- Topics of discussion: Measuring the number and types of topics demonstrates that MSLs are engaging in the right scientific discussions with customers.
These metrics can be coupled with qualitative measures, which are subjective, descriptive, and provide a deeper understanding of quality and context. Examples include:
- Feedback from KOLs: Surveying the value of MSLs to the customer measures the MSL’s ability to create a positive customer experience.
- Internal stakeholder review: Analyzing the relationship from an internal stakeholder perspective demonstrates the ability to work collaboratively.
- Direct observations: Analyzing interactions provides insights into strategy alignment and MSLs’ progress over time.
- Quality of insights: Examining the quality of interactions and the ability to gather information
- Scientific and medical expertise: Assessing understanding to drive technical insight for more in-depth information from KOLs.
Qualitative metrics are generally viewed as a more appropriate barometer of MSL value, but they are difficult to measure in a standardized fashion due to their inherent complexity and the presence of numerous confounding factors, including subjectivity and bias. For example, it is very challenging for MSLs to objectively self-report the quality of their interactions in a consistent and standardized fashion. Field managers face the same challenge in their evaluation of MSL’s customer interaction. These skills are not only challenging to measure but also challenging to convey effectively to senior leadership.
To present a holistic picture of MSL value and effectively articulate that value to senior leadership, there is a need to identify meaningful qualitative measures that can be captured in a consistent, objective, and standardized fashion to complement the quantitative metrics. This balanced approach will provide a more comprehensive understanding of the contributions MSLs make within pharmaceutical organizations.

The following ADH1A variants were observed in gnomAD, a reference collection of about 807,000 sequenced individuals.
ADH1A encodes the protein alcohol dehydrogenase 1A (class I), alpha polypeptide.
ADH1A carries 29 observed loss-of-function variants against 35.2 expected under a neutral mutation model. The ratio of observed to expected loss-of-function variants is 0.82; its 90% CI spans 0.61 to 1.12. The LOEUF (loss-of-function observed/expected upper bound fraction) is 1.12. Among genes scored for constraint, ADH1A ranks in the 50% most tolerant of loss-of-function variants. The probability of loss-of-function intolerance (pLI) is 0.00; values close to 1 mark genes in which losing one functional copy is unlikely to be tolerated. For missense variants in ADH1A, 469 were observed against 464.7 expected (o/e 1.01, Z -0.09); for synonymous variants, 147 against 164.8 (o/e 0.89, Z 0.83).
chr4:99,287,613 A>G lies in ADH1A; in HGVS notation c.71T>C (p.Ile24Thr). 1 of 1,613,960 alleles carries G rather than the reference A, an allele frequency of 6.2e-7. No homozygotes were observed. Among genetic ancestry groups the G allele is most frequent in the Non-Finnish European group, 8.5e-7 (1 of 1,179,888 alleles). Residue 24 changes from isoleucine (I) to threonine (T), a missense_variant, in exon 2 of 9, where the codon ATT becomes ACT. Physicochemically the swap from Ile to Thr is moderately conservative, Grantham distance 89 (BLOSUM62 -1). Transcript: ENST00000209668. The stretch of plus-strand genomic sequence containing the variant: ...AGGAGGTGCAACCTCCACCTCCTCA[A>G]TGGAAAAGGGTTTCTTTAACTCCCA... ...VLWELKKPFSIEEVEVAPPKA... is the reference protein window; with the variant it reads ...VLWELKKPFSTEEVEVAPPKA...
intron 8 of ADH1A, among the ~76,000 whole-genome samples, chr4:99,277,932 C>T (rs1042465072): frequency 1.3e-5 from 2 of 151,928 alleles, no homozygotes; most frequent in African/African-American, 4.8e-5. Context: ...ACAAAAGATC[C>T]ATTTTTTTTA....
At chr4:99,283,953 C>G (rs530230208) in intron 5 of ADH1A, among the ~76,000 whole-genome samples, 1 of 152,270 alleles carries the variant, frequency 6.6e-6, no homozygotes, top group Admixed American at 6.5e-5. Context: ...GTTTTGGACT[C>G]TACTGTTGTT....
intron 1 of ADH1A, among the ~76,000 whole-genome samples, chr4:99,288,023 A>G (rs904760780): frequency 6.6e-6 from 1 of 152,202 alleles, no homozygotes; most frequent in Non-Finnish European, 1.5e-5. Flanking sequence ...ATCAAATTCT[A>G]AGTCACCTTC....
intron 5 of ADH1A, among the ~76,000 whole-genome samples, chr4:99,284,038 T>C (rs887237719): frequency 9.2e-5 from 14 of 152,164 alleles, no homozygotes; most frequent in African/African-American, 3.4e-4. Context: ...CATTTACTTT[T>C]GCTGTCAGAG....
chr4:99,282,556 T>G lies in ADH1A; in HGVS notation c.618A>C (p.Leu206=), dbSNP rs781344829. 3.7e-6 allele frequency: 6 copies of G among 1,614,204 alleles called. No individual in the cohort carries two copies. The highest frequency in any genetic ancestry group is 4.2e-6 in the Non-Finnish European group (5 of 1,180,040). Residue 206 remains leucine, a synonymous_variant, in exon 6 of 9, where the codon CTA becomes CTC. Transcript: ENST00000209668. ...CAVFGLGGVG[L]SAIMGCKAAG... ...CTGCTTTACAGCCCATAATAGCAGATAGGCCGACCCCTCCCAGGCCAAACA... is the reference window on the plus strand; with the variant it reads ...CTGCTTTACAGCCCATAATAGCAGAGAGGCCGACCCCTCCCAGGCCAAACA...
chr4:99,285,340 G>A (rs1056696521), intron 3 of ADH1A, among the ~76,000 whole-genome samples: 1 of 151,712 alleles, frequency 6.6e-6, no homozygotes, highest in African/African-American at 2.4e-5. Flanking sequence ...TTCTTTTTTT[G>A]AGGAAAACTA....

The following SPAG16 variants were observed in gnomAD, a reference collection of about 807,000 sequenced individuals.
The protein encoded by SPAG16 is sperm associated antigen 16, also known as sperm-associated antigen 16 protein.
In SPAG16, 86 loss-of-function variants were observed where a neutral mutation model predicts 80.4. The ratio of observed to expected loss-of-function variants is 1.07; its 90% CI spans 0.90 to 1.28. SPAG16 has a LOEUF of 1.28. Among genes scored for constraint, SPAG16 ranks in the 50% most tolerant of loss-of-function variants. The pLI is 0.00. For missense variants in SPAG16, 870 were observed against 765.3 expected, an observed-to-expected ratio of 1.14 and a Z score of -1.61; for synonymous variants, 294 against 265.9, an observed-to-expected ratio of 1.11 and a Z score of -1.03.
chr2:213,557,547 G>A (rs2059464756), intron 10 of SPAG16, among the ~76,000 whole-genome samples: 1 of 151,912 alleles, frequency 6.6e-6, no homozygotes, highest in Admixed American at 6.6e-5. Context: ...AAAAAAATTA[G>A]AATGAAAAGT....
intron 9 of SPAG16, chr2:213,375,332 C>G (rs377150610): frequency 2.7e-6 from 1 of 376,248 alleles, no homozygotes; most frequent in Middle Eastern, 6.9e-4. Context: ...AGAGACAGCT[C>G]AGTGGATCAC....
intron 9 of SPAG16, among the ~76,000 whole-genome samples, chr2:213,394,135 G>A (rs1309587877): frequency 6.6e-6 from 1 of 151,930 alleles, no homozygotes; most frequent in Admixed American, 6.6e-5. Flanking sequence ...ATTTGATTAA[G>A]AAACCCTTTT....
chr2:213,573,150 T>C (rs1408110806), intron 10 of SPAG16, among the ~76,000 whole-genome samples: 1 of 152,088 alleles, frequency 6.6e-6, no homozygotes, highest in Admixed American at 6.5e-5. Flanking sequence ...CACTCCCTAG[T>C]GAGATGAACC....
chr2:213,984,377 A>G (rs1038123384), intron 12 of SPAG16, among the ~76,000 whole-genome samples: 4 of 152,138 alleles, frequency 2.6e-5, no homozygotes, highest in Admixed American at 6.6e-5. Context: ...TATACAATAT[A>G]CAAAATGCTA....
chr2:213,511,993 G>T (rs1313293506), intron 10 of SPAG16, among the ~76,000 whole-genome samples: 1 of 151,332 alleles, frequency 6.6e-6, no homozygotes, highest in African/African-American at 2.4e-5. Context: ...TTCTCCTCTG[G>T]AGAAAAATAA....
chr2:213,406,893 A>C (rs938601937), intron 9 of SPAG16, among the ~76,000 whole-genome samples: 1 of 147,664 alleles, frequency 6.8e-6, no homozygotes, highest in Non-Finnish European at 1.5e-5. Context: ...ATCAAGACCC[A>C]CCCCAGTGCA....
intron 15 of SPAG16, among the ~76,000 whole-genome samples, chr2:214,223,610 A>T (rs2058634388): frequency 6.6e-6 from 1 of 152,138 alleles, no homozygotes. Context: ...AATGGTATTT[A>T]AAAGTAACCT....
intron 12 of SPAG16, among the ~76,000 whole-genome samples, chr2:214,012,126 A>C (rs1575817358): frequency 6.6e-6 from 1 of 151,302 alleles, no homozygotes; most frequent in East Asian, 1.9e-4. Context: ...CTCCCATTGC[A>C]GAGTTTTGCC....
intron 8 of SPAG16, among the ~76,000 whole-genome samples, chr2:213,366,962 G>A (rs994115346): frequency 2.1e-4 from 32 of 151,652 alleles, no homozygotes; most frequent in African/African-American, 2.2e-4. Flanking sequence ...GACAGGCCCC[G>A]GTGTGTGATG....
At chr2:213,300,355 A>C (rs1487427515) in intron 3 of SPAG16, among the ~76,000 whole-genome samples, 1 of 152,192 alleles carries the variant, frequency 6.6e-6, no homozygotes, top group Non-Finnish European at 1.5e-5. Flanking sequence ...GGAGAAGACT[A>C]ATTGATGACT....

Furthermore, the critical gap in evaluating MSL value necessitates objective, trained professionals who understand the field medical role and can enhance evaluation through firsthand observations. This approach provides an outside, objective assessment of MSLs’ alignment with objectives during engagements, allowing for quantifiable measurement of interaction quality. Benchmarked against industry averages, this method offers insights into MSL effectiveness and areas for improvement.
In this dynamic landscape, evaluating MSLs’ value is not just a challenge; it’s an imperative step toward ensuring organizational success in an increasingly complex industry. The evolution of MSLs from scientific resources to strategic leaders within pharmaceutical organizations is self-evident. What’s not always clear though is the most effective approach to measuring their effectiveness and value for money. It requires a multi-faceted approach. By partnering with trained and experienced professionals with the knowledge and experience in bridging that evaluation gap, pharmaceutical organizations can benefit from more actionable insights and recommendations. These strategic partnerships will better equip them with the necessary tools to navigate the intricacies of measuring MSLs’ contributions, ensuring a more effective and informed approach to measuring their impact.
STEM, an Inizio Advisory Company, is a trusted global advisor for pharmaceutical, life science, and healthcare companies. For more than 15 years, STEM has been helping life science companies optimize their performance by measuring the alignment between their brand strategy and execution at every stage of the product lifecycle. Visit www.stemhealthcare.com to find out more.